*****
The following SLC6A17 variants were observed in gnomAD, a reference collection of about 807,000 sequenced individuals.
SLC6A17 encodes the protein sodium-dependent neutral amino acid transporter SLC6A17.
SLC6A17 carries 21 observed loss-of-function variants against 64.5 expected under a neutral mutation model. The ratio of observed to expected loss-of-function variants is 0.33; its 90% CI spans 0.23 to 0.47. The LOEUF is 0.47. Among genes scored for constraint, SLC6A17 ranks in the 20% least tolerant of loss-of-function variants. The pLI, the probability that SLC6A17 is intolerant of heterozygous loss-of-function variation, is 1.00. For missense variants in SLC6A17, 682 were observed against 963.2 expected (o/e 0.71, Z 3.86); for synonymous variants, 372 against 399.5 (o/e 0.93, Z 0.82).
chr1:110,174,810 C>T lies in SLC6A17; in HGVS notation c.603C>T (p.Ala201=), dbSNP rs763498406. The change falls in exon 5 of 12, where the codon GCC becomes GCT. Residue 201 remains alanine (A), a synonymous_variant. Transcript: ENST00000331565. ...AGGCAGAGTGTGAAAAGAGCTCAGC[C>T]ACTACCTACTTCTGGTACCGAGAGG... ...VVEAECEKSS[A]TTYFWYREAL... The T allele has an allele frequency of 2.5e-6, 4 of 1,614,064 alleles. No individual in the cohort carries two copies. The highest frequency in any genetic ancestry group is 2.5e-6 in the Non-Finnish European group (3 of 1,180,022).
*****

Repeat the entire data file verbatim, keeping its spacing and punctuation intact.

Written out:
The following SLC6A17 variants were observed in gnomAD, a reference collection of about 807,000 sequenced individuals.
SLC6A17 encodes the protein sodium-dependent neutral amino acid transporter SLC6A17.
SLC6A17 carries 21 observed loss-of-function variants against 64.5 expected under a neutral mutation model. The ratio of observed to expected loss-of-function variants is 0.33; its 90% CI spans 0.23 to 0.47. The LOEUF is 0.47. Among genes scored for constraint, SLC6A17 ranks in the 20% least tolerant of loss-of-function variants. The pLI, the probability that SLC6A17 is intolerant of heterozygous loss-of-function variation, is 1.00. For missense variants in SLC6A17, 682 were observed against 963.2 expected (o/e 0.71, Z 3.86); for synonymous variants, 372 against 399.5 (o/e 0.93, Z 0.82).
chr1:110,174,810 C>T lies in SLC6A17; in HGVS notation c.603C>T (p.Ala201=), dbSNP rs763498406. The change falls in exon 5 of 12, where the codon GCC becomes GCT. Residue 201 remains alanine (A), a synonymous_variant. Transcript: ENST00000331565. ...AGGCAGAGTGTGAAAAGAGCTCAGC[C>T]ACTACCTACTTCTGGTACCGAGAGG... ...VVEAECEKSS[A]TTYFWYREAL... The T allele has an allele frequency of 2.5e-6, 4 of 1,614,064 alleles. No individual in the cohort carries two copies. The highest frequency in any genetic ancestry group is 2.5e-6 in the Non-Finnish European group (3 of 1,180,022).